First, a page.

The 5th annual Physics Pumpkin Drop, a Halloween ritual at the Colleges, will be held at 6 p.m. on Friday, October 31 on the Quad. The event is a reenactment of Galileo’s famous experiment at the Leaning Tower of Pisa. Providing dramatic proof of the law of gravity, the power of the scientific method, and the revelry of Halloween, Assistant Professor of Physics Steven Penn and Physics technicians Richard Bolton and Jabob Podkaminer will drop pumpkins frozen in liquid nitrogen from the top of the Geneva Fire Department’s highest ladder truck.
For Penn, the Pumpkin Drop serves as a powerful teaching tool. The event not only validates Galileo’s observations, that objects fall at the same rate regardless of mass, but it celebrates that fact that even the most pervasive philosophies cannot stand if they do not meet the test of experimental verification.
“Galileo’s work came at a pivotal time in the history of science, and especially physics, when the basis of our world view began to shift from philosophical speculation to careful, scientific observations of the world,” Penn says. “His work marked a transformation in thinking. He was revolutionary.”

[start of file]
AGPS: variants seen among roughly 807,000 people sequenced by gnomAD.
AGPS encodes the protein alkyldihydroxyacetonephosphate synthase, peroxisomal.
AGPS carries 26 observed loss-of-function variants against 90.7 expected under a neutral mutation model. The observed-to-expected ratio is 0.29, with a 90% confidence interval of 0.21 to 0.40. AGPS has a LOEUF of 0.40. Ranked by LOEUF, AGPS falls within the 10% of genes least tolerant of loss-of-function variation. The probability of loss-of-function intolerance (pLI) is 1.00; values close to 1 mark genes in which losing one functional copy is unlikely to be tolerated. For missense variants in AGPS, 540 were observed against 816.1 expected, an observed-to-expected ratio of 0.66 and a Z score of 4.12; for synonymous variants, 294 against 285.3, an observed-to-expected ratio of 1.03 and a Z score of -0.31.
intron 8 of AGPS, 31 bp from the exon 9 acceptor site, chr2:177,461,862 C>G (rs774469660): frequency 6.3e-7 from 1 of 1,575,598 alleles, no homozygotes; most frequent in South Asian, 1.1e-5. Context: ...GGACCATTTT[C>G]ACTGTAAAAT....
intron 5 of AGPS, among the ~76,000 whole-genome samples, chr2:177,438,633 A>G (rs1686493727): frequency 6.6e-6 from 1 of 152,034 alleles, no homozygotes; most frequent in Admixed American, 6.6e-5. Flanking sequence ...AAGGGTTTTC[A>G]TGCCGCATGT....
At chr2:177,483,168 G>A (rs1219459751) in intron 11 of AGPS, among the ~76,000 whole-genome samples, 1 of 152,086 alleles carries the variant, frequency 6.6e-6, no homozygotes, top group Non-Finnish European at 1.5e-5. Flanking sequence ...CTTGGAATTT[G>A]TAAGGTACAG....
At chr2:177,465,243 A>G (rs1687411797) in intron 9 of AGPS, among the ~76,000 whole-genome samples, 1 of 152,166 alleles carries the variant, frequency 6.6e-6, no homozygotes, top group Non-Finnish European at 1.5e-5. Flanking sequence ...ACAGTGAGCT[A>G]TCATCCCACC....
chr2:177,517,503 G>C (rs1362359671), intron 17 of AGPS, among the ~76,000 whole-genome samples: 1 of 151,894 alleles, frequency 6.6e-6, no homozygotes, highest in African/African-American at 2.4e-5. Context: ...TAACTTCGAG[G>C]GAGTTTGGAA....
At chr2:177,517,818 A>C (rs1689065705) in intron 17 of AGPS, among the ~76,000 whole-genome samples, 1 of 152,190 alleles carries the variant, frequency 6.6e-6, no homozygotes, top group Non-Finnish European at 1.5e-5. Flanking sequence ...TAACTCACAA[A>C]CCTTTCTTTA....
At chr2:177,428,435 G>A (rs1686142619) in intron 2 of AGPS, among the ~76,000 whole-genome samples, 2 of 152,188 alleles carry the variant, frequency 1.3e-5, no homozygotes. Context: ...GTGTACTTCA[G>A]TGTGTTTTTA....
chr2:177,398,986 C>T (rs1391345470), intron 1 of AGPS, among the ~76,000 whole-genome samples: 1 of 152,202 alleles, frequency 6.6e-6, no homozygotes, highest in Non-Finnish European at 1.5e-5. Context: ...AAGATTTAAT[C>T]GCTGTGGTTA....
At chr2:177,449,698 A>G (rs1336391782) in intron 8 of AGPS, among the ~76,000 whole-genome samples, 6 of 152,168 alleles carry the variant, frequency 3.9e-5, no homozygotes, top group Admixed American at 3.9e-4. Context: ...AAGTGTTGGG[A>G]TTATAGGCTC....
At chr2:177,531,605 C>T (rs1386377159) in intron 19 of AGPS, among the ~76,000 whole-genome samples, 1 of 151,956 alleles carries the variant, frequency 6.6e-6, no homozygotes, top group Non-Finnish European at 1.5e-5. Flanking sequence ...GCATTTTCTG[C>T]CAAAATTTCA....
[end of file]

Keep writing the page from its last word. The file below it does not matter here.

This year’s event has been moved to the Quad and to an earlier time to accommodate faculty, staff and parents who have been unable to attend the previous midnight shows.
Penn earned a Ph.D. in nuclear structure physics from the Massachusetts Institute of Technology in 1993. After a postdoctoral fellowship at the University of Washington, Penn joined the experimental gravitational physics group at Syracuse University. There he joined the LIGO (Laser Interferometer Gravitational Wave Observatory) project, a multi-university collaboration headed by Caltech and MIT that is endeavoring to unravel the secrets of gravity.